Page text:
“Kiss me out of the bearded barley”

Sometime in the past year or two, I was listening to the Sixpence None the Richer song “Kiss Me,” and got curious about the line “Kiss me, out of the bearded barley”; I wasn’t sure what it meant.

I poked around online to find out more; I think that all I found was the annotation on genius.com, which notes that bearded barley is a “wheat-like plant which has overgrown and its ready for harvest.”

But just now, I was skimming a 1936 Dylan Thomas story, “The School for Witches,” and came across a paragraph in which the satanic witch girls are doing some sort of a ceremony, I think, led by the doctor’s daughter:

Now say, said the doctor’s daughter, Rise up out of the bearded barley. Rise out of the green grass asleep in Mr. Griffith’s dingle. […] The devil kisses me, said the girl cold in the centre of the kitchen. Kiss me out of the bearded barley. Kiss me out of the bearded barley. The girls giggled in a circle. Swive me out of the green grass. Swive me out of the green grass. Can I put on my clothes now? said the young witch, after encountering the invisible evil.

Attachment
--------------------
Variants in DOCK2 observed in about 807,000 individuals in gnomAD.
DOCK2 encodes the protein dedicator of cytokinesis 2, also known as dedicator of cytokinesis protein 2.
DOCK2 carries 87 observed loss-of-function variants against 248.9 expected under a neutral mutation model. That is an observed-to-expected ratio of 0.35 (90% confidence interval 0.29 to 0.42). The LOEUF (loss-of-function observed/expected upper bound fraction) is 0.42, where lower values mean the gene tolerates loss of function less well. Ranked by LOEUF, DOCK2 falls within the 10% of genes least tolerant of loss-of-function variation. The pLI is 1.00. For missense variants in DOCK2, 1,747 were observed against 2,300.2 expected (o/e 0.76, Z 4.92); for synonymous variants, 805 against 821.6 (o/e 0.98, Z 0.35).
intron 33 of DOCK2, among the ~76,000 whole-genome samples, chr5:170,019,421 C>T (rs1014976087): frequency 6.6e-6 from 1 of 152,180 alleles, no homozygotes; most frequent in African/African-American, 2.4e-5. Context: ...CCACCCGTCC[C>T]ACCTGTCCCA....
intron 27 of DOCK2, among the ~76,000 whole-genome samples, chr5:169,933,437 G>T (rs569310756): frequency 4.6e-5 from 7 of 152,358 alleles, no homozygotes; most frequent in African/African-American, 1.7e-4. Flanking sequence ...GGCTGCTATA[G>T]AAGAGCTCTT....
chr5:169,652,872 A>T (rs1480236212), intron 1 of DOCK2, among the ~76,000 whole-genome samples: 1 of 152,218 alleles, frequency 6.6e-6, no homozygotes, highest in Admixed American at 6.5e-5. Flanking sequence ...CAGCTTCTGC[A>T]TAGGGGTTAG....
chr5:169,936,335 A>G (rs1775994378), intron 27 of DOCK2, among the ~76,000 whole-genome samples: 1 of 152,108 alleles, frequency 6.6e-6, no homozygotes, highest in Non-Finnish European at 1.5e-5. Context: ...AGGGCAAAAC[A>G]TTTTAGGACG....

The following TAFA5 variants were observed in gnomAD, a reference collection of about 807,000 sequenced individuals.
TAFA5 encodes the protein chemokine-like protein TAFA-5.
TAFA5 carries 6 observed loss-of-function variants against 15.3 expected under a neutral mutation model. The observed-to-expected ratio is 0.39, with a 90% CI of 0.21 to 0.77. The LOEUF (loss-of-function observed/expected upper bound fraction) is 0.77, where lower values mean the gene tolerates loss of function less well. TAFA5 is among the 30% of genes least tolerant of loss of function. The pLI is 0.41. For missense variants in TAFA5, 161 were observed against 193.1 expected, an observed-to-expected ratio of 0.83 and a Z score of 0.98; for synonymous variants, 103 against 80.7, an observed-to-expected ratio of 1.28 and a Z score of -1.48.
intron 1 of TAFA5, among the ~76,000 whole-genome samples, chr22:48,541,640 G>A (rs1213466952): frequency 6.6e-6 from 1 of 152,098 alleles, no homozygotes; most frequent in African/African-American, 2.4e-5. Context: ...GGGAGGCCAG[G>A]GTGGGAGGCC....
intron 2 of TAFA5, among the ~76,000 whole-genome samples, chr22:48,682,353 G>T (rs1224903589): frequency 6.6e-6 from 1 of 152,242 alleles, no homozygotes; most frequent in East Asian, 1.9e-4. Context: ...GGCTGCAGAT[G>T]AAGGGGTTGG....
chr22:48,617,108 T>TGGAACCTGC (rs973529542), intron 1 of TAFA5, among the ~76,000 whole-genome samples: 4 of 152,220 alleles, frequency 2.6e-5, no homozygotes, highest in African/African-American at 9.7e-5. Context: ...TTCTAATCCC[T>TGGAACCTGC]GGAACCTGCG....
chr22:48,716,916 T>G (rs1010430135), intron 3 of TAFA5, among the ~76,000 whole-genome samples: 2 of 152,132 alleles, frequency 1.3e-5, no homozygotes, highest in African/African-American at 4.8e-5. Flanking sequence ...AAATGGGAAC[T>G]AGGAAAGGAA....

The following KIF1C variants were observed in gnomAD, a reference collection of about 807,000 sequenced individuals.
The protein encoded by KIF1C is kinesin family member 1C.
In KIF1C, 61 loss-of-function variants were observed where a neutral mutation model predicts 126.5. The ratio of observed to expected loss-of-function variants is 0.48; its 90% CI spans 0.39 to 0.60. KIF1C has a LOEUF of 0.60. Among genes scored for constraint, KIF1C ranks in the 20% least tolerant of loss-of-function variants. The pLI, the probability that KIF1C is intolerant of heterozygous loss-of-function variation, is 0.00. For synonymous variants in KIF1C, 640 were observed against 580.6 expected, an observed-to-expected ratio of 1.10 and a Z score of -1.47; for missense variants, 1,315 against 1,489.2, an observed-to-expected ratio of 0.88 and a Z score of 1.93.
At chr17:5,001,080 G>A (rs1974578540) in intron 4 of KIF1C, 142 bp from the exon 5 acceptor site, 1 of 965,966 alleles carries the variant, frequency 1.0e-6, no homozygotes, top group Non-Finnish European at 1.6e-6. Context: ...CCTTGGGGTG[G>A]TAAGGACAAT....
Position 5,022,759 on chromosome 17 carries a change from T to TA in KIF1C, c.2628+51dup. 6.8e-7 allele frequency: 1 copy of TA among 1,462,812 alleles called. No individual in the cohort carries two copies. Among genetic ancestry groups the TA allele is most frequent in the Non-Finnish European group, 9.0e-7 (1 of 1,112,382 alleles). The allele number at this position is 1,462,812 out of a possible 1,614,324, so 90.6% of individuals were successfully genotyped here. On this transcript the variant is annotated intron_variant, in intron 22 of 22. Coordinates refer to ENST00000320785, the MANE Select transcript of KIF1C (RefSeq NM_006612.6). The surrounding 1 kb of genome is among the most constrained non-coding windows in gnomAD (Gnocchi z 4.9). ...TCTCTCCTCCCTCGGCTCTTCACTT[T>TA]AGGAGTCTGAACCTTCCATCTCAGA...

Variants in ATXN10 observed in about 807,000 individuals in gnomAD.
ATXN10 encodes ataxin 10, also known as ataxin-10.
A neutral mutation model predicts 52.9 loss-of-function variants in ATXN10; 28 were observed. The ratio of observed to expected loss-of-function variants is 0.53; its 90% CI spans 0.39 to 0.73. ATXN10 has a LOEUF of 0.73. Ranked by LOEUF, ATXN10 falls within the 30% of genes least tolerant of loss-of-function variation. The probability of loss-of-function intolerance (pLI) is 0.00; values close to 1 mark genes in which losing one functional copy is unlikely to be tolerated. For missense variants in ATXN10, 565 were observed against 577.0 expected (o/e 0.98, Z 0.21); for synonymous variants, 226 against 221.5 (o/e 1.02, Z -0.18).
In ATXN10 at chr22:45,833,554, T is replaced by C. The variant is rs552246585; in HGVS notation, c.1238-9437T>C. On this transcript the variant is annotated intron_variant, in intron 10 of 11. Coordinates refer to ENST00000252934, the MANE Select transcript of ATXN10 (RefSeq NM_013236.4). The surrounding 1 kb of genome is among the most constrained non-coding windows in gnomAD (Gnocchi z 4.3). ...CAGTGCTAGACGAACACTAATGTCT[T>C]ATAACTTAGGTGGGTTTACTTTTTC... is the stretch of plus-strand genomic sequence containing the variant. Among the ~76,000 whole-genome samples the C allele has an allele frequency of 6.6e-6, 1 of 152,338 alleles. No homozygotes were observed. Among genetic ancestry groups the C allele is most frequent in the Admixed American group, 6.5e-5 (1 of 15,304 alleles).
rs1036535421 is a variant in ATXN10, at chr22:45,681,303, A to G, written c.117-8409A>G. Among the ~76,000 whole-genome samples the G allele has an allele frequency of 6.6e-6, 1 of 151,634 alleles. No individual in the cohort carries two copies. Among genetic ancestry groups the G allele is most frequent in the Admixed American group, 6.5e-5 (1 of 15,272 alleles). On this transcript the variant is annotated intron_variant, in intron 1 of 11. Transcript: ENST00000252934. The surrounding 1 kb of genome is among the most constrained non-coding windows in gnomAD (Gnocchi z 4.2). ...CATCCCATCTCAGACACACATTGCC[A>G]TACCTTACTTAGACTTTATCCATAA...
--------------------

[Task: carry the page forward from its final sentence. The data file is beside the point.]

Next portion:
So I did some further poking around, and found a couple of articles that variously claim that Sixpence wrote the song after reading a Dylan Thomas poem or a Dylan Thomas story. So I thought they must have gotten it from this story.

Especially because the next line in the song is “Nightly, beside the green, green grass,” which seems like it could be a bowdlerized version of the abovequoted Thomas line “Swive me out of the green grass”; or possibly the line in the song could have been written by someone who doesn’t know that the verb to swive refers to having sex.

But now I’m wondering whether the “bearded barley” line also appears in a Thomas poem (as well as in this story), because this story is full of satanic witch stuff, and I gather that Sixpence is an explicitly Christian band, so I wouldn’t have expected them to quote from this particular story.

One Response to ““Kiss me out of the bearded barley””

  1. Andrina Westerdale

    Thanks for this interesting piece. Song lyrics can be endlessly fascinating


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